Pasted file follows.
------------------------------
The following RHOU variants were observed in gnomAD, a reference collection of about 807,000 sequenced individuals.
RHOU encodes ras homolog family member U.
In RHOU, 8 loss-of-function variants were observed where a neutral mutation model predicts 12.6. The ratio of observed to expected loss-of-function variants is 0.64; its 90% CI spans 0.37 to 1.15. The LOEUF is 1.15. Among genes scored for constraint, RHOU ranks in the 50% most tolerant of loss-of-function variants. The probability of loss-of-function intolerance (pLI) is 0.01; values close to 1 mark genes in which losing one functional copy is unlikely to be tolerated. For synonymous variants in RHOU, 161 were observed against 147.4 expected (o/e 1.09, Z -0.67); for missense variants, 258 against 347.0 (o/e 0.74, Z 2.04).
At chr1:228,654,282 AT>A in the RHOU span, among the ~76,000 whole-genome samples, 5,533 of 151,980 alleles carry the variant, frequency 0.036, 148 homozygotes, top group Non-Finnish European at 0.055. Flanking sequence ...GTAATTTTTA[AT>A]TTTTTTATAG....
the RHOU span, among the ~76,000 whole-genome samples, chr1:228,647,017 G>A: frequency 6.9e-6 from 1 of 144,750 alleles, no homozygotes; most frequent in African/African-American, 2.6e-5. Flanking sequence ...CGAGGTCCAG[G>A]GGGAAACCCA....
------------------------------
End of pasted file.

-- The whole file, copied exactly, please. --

The following RHOU variants were observed in gnomAD, a reference collection of about 807,000 sequenced individuals.
RHOU encodes ras homolog family member U.
In RHOU, 8 loss-of-function variants were observed where a neutral mutation model predicts 12.6. The ratio of observed to expected loss-of-function variants is 0.64; its 90% CI spans 0.37 to 1.15. The LOEUF is 1.15. Among genes scored for constraint, RHOU ranks in the 50% most tolerant of loss-of-function variants. The probability of loss-of-function intolerance (pLI) is 0.01; values close to 1 mark genes in which losing one functional copy is unlikely to be tolerated. For synonymous variants in RHOU, 161 were observed against 147.4 expected (o/e 1.09, Z -0.67); for missense variants, 258 against 347.0 (o/e 0.74, Z 2.04).
At chr1:228,654,282 AT>A in the RHOU span, among the ~76,000 whole-genome samples, 5,533 of 151,980 alleles carry the variant, frequency 0.036, 148 homozygotes, top group Non-Finnish European at 0.055. Flanking sequence ...GTAATTTTTA[AT>A]TTTTTTATAG....
the RHOU span, among the ~76,000 whole-genome samples, chr1:228,647,017 G>A: frequency 6.9e-6 from 1 of 144,750 alleles, no homozygotes; most frequent in African/African-American, 2.6e-5. Flanking sequence ...CGAGGTCCAG[G>A]GGGAAACCCA....